.
      The case went otherwise, by one vote. Yet it shows how the law might truly have lent support to treating Bankers as real people. Latent in the Courts vote is an issue which you have yet to resolve: does the law exist beyond the Knesset, or is the Knesset the sole locus of law? Perhaps one of those winning Citizenship Law case votes went that way to avoid the inevitable confrontation between the High Court and the Knesset. What happens in the Bank defines what the law of Israel truly is.
      .
      To XYZ,
      .
      Use your real name, as I. I grow tired of anonymous fights for purity.
      .
      What could be done now? Freeze the settlements. Begin Justice Ministry oversight of the acts of the vanguard settlers. Announce that in principle a large majority of settlements will have to be dismantled, compensation to new lives for those presently there. Begin some transfer of resource rights (so control) to the PA. None of this is remotely possible, and the suicide bombings have convinced you that Greater Israel is the only form of security. But you cannot expunge the inapprobiate residents. As Jimmy Carter said, at some cost in the US, you will have apartheid, three classes of “citizens”: Israeli Jews, Palestinian Israeli citizens, and all others. It will eat at your past stories and true hopes, just as in South Africa. You have won, and refuse to look in the mirror.

      Reply to Comment
    8. XYZ

      Greg P-
      (1) Thanks for answering my question.
      (2) You have given the “Israel shows its good will” first steps, but what about a final peace agreement? This is what Ariel Sharon claimed he wanted to do….give them a state without a final agreement, but the Palestinians rejected such a move. There is still the “return of the refugees” problem. How are you going to tackle that, or do you really believe it can be shelved for the time being?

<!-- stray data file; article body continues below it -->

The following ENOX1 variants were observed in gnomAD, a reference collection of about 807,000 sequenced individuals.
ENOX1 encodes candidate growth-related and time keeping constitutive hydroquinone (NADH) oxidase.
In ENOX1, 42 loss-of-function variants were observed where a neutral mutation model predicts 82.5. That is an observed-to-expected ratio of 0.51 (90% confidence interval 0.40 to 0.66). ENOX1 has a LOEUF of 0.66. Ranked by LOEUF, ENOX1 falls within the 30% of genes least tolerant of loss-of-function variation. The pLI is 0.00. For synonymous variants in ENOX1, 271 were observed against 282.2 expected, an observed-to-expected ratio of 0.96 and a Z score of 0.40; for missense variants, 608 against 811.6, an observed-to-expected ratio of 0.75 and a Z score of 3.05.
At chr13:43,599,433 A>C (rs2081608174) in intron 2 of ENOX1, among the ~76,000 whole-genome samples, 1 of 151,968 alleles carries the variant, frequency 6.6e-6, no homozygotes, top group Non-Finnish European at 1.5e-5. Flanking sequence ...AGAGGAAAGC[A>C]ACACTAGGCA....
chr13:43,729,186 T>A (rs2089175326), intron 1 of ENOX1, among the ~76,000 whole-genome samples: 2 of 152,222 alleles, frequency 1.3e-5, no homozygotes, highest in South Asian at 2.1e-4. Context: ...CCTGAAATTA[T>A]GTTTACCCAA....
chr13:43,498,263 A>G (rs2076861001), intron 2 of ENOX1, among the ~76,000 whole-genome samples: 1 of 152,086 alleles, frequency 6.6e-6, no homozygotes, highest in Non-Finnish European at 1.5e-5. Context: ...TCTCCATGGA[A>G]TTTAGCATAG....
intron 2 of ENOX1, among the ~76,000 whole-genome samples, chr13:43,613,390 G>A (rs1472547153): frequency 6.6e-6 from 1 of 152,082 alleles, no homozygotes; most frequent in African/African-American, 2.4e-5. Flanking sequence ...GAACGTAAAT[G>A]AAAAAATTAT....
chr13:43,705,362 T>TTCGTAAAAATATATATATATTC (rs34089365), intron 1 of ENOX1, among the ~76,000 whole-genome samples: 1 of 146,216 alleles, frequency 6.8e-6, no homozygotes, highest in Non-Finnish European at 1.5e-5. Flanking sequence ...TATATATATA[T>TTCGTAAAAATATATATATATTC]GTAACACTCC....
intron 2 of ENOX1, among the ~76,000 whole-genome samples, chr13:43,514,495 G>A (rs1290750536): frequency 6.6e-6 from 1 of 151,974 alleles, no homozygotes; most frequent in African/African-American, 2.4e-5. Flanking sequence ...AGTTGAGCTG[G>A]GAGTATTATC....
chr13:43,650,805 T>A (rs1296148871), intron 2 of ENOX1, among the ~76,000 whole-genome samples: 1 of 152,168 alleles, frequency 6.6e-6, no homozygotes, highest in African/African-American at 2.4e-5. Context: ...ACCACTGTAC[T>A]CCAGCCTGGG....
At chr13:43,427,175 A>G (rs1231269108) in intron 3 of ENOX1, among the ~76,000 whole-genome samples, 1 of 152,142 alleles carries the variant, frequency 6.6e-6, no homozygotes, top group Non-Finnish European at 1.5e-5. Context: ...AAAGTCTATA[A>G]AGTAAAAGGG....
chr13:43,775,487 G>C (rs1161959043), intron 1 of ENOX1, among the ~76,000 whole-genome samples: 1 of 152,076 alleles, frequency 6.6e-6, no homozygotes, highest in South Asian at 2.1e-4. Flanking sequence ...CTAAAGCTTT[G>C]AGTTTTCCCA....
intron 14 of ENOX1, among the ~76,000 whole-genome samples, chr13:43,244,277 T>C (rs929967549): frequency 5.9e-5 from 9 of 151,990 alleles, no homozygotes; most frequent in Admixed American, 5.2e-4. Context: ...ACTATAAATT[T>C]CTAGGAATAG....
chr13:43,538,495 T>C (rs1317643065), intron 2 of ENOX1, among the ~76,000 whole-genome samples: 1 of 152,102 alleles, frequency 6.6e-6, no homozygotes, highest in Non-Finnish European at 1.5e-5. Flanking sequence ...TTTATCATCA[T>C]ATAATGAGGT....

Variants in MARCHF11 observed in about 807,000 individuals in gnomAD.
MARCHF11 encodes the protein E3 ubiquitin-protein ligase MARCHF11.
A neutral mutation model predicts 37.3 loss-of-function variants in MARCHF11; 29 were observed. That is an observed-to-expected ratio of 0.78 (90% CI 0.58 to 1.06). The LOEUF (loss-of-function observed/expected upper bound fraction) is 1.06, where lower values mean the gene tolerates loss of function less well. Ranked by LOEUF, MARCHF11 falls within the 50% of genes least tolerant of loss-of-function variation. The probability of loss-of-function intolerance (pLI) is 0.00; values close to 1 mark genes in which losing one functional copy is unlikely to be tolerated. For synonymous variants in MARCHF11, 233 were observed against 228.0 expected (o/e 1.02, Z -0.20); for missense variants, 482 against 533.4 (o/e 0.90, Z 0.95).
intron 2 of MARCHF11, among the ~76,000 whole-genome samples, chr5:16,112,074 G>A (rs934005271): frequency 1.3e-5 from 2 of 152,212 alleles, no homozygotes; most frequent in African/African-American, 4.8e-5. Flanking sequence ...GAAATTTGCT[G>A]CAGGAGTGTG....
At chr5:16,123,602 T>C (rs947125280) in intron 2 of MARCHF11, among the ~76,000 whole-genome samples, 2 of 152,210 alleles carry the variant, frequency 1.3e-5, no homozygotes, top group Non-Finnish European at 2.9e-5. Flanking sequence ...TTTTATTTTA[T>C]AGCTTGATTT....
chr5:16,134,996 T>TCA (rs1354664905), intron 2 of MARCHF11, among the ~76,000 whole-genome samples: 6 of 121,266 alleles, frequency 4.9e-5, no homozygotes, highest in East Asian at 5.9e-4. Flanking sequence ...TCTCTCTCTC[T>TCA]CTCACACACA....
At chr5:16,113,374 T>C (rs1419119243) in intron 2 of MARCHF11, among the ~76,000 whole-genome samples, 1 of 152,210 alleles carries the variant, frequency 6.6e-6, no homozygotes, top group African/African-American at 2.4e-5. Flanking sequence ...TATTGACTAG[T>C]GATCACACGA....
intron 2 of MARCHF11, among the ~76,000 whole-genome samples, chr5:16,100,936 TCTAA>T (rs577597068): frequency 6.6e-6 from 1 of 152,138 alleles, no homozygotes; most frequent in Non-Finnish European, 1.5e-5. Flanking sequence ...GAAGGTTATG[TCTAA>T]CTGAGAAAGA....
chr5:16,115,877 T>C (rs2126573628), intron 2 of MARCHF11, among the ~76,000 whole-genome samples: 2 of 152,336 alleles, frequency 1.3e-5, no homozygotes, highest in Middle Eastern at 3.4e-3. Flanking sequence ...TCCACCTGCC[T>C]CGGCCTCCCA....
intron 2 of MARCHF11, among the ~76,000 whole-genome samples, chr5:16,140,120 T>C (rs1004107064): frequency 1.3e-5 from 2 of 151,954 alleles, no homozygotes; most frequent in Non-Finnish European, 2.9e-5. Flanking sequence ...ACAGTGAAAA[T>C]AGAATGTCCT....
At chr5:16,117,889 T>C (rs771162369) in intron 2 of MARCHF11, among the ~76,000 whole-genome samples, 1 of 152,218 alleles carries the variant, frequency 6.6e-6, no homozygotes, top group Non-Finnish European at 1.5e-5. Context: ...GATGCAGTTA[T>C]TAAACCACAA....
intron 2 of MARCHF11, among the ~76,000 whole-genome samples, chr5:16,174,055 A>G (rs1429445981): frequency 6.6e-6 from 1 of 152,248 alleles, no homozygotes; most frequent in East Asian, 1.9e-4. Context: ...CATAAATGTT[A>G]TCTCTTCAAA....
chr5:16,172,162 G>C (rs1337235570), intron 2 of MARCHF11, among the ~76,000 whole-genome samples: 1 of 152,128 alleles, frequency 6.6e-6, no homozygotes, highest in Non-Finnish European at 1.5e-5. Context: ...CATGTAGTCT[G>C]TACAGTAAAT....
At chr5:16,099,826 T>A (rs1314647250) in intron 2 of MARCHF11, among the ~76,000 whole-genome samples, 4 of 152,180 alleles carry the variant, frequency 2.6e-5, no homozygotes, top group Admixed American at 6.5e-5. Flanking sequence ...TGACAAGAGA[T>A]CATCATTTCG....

(3) What difference does it make what my name is?

      Reply to Comment
    9. XYZ,
      .
      I cannot architect a final peace agreement. What I suggested I believe essential to start; without it, nothing follows. And true monitoring by the Justice Ministery of the vanguard settlers (which excludes those just living in subsidized housing in large places like Ariel) is just morally right. Without doubt, settlers are being allowed to enroach in such a way that their protection will necessitate full soverignty. Without doubt, a version of Torah is being enabled which asserts the ordained control of this area by “the land of Israel.” The State hides behind this vanguard settler motivation, and I am very tired of the game.
      .
      The right of return fails. Those interested in practical possibility know this. I do believe, however, that constitutional implementation of Israel’s Declaration of Independence must open property control to Palestinian Israelis; if the State wants to hold title directly or by proxy, as was done say in medieval England, that’s its choice. But you cannot have the full rights of social equality, promised by the Declaration, if most land in Israel is controlled by an authority which only sells use rights to Jews; I have a vauge memory that a High Court decision moved in this direction, but can’t swear to it.
      .